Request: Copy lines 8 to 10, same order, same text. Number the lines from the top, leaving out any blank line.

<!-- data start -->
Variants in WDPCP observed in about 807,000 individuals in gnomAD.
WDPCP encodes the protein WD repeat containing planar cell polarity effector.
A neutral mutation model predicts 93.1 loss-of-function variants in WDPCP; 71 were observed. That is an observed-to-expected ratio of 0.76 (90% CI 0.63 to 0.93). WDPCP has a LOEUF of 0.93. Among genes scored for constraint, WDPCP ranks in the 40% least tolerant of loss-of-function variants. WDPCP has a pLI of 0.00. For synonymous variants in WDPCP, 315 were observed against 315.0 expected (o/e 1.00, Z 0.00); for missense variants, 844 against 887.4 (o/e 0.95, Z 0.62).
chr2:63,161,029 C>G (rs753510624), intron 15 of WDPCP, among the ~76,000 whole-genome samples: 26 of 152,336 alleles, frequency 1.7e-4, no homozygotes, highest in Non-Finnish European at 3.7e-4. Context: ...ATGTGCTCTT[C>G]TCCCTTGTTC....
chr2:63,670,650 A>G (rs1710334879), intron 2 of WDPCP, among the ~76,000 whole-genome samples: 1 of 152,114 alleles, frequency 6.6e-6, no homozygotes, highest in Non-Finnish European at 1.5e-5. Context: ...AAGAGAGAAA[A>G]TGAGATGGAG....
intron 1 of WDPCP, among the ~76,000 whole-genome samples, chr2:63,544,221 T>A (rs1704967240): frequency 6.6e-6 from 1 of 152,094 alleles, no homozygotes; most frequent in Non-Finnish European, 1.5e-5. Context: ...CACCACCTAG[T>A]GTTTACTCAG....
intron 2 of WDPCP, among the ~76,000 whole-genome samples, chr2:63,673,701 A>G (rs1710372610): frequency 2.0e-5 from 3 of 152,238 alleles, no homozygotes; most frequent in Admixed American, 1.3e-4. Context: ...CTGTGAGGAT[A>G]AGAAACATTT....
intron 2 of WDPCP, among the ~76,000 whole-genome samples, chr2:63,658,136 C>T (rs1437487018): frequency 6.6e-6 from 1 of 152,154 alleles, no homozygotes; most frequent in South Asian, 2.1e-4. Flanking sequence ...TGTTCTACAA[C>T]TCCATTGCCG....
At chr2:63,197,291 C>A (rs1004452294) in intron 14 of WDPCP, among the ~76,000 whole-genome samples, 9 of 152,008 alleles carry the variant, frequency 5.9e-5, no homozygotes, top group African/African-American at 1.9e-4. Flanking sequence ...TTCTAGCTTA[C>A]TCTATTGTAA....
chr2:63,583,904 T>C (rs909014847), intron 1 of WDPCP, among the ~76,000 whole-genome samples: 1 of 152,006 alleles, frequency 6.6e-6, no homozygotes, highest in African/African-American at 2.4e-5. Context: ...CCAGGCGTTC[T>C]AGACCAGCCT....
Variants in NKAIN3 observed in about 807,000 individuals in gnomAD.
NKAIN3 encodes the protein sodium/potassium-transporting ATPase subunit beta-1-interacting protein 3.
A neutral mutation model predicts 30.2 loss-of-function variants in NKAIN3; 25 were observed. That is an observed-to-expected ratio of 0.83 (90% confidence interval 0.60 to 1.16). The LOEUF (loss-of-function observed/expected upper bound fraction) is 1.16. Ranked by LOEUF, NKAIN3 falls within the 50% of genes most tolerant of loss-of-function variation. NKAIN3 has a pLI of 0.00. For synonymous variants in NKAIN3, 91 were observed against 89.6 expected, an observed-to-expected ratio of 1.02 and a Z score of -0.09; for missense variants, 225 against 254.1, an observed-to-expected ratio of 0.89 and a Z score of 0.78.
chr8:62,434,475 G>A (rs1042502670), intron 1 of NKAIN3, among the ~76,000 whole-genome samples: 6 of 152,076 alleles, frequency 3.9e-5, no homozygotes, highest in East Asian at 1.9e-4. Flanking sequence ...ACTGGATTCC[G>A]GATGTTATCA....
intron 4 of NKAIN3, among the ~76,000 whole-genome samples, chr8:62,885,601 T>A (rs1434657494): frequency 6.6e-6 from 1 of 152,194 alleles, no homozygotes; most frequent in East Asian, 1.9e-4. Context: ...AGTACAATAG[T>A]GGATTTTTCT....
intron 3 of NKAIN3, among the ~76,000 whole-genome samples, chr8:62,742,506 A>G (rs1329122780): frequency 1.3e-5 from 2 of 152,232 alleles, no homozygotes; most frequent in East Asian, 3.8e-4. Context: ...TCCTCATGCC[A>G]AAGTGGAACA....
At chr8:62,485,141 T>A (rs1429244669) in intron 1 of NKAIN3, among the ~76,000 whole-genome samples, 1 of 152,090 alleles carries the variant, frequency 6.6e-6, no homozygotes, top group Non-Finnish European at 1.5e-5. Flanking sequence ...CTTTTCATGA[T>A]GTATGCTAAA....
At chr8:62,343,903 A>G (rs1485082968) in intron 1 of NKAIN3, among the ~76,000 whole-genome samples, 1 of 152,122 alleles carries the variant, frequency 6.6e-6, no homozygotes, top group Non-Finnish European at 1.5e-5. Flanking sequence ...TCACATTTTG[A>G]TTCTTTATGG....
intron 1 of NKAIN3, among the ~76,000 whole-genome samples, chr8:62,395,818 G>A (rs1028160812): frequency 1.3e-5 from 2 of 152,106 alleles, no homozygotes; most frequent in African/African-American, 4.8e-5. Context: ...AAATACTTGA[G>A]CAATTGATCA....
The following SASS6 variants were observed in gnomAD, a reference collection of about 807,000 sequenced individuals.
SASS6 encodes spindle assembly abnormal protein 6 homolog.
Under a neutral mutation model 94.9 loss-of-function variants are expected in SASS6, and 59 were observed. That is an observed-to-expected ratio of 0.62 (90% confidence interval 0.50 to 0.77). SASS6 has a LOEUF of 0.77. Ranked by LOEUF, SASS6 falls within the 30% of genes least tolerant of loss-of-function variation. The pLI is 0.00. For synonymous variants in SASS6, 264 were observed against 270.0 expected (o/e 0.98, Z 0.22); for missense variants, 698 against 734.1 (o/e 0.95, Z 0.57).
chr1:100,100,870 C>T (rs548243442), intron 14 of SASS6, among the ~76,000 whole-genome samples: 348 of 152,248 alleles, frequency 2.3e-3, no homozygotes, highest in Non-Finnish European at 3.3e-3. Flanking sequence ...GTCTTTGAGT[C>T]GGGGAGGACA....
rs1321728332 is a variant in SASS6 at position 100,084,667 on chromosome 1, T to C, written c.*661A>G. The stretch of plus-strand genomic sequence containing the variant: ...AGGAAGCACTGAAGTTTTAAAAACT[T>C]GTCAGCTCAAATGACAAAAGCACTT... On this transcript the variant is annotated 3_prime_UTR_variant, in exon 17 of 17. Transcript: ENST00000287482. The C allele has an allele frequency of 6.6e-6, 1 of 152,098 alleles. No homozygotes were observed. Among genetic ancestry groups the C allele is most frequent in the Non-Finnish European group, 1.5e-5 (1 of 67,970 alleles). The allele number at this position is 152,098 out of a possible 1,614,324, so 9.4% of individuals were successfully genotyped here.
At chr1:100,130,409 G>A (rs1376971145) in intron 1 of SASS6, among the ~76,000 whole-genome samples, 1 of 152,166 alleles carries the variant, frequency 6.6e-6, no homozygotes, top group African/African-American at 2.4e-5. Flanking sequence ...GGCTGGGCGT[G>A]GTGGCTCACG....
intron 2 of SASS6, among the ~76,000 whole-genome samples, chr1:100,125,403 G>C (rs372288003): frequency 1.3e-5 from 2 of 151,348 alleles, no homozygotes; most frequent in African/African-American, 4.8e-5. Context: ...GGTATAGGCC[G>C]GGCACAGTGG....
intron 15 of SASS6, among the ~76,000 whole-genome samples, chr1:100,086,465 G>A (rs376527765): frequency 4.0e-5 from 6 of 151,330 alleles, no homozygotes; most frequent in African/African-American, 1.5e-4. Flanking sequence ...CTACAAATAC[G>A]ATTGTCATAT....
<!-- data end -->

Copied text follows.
intron 2 of WDPCP, among the ~76,000 whole-genome samples, chr2:63,658,136 C>T (rs1437487018): frequency 6.6e-6 from 1 of 152,154 alleles, no homozygotes; most frequent in South Asian, 2.1e-4. Flanking sequence ...TGTTCTACAA[C>T]TCCATTGCCG....
At chr2:63,197,291 C>A (rs1004452294) in intron 14 of WDPCP, among the ~76,000 whole-genome samples, 9 of 152,008 alleles carry the variant, frequency 5.9e-5, no homozygotes, top group African/African-American at 1.9e-4. Flanking sequence ...TTCTAGCTTA[C>A]TCTATTGTAA....
chr2:63,583,904 T>C (rs909014847), intron 1 of WDPCP, among the ~76,000 whole-genome samples: 1 of 152,006 alleles, frequency 6.6e-6, no homozygotes, highest in African/African-American at 2.4e-5. Context: ...CCAGGCGTTC[T>C]AGACCAGCCT....